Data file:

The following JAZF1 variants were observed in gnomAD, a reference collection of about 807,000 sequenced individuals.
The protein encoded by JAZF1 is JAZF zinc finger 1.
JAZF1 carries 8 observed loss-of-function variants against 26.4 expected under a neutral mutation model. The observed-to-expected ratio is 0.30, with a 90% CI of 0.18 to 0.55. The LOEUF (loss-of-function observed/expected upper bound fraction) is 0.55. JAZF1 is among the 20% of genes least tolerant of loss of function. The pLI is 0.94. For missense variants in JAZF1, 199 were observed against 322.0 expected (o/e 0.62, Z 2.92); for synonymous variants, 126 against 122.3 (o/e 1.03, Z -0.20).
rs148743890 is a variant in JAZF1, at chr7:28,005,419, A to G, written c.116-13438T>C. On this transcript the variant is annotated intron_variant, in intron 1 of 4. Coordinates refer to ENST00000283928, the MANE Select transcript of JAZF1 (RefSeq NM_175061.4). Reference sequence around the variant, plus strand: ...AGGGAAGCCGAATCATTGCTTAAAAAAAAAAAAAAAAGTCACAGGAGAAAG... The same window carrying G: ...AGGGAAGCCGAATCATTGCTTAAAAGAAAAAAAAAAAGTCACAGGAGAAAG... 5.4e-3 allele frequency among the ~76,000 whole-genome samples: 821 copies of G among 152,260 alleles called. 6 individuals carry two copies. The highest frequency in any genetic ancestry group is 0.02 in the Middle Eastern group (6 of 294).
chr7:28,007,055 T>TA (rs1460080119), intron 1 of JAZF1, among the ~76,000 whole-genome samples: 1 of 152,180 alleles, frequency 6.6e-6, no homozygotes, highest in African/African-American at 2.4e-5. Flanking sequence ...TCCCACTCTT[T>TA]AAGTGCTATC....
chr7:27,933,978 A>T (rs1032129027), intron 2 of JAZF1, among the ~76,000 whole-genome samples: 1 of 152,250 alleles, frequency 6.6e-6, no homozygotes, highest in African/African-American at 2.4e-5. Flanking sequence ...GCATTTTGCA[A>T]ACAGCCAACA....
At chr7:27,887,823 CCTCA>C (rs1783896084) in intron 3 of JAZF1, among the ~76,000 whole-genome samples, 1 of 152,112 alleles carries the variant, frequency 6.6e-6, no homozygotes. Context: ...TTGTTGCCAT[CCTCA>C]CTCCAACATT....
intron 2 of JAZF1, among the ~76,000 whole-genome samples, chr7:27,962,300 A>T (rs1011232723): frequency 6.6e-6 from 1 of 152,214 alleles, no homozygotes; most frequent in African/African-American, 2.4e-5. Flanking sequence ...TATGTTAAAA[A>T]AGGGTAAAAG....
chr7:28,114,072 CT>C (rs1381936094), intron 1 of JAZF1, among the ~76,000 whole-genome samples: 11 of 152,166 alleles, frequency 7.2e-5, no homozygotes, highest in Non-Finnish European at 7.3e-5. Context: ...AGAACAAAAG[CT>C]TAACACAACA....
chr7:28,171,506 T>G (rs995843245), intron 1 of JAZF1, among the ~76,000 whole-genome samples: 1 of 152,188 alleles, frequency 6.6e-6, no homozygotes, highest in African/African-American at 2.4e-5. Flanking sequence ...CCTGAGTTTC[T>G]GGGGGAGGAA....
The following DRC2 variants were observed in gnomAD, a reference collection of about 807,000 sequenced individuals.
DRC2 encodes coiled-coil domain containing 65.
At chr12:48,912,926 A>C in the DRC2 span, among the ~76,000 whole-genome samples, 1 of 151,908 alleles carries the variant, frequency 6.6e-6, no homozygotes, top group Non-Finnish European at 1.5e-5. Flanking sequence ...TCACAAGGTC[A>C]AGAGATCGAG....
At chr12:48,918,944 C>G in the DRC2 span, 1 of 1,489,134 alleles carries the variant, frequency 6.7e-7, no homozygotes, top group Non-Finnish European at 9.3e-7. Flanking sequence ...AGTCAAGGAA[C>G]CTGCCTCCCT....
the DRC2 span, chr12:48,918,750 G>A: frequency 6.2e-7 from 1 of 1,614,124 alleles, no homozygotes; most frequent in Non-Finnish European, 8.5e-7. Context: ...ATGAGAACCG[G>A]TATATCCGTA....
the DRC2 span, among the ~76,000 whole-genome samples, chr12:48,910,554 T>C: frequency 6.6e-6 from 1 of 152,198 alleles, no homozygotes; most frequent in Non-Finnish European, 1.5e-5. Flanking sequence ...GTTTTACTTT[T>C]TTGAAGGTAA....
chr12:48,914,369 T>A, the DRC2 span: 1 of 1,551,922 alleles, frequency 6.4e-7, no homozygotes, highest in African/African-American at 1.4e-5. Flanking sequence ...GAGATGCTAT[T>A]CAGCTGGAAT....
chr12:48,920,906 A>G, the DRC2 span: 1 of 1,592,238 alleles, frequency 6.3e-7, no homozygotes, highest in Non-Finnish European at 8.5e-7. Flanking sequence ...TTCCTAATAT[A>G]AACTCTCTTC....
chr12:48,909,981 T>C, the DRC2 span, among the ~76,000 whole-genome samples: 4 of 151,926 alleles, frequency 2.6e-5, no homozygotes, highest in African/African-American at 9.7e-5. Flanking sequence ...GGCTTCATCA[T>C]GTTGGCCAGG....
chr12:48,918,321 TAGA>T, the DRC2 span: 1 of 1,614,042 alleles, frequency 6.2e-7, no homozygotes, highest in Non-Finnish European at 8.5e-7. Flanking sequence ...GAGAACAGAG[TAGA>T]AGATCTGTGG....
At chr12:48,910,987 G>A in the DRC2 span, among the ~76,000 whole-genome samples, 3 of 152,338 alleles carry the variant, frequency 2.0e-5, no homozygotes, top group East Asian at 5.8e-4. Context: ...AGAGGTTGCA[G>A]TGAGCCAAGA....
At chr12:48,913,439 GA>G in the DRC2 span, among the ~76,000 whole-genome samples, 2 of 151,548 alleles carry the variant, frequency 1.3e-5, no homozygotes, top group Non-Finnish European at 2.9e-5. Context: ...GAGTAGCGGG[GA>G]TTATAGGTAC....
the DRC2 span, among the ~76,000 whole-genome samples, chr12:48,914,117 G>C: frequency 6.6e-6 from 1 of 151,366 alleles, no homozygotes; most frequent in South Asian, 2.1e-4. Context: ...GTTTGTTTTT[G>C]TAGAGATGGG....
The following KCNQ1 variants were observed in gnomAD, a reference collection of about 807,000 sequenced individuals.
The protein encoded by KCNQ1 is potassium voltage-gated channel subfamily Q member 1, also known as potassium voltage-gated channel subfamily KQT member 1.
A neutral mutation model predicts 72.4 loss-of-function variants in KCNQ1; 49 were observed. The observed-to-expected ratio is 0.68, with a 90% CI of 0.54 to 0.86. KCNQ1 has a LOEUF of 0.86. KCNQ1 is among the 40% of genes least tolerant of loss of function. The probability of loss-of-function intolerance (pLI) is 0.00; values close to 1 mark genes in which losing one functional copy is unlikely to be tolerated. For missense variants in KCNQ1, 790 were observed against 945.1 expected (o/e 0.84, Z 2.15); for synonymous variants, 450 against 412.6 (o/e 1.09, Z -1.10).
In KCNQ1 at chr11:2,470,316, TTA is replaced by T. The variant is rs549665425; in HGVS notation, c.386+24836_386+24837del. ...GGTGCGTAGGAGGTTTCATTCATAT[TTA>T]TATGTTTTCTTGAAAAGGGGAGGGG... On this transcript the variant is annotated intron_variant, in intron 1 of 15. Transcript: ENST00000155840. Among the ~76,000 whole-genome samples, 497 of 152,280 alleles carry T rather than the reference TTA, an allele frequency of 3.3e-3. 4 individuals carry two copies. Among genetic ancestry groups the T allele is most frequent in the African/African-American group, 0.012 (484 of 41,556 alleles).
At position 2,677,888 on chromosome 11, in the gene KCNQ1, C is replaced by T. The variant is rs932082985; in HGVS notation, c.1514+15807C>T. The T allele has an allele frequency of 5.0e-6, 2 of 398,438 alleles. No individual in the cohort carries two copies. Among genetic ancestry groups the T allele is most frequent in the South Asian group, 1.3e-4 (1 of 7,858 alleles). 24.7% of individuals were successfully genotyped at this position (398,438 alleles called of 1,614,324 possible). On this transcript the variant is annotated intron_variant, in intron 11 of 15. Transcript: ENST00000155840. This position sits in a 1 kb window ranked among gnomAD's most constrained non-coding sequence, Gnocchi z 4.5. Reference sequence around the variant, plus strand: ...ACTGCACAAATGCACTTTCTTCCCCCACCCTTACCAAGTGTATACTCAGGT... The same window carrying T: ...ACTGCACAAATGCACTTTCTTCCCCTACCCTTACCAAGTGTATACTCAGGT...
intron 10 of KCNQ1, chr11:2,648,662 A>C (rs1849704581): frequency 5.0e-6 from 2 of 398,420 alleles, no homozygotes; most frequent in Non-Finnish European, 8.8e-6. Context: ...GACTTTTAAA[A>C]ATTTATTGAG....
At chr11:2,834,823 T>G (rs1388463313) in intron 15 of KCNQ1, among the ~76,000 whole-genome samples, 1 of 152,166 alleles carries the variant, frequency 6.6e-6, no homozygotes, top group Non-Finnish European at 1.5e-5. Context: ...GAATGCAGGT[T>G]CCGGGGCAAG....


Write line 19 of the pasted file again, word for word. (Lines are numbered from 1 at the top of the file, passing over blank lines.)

chr12:48,909,981 T>C, the DRC2 span, among the ~76,000 whole-genome samples: 4 of 151,926 alleles, frequency 2.6e-5, no homozygotes, highest in African/African-American at 9.7e-5. Flanking sequence ...GGCTTCATCA[T>C]GTTGGCCAGG....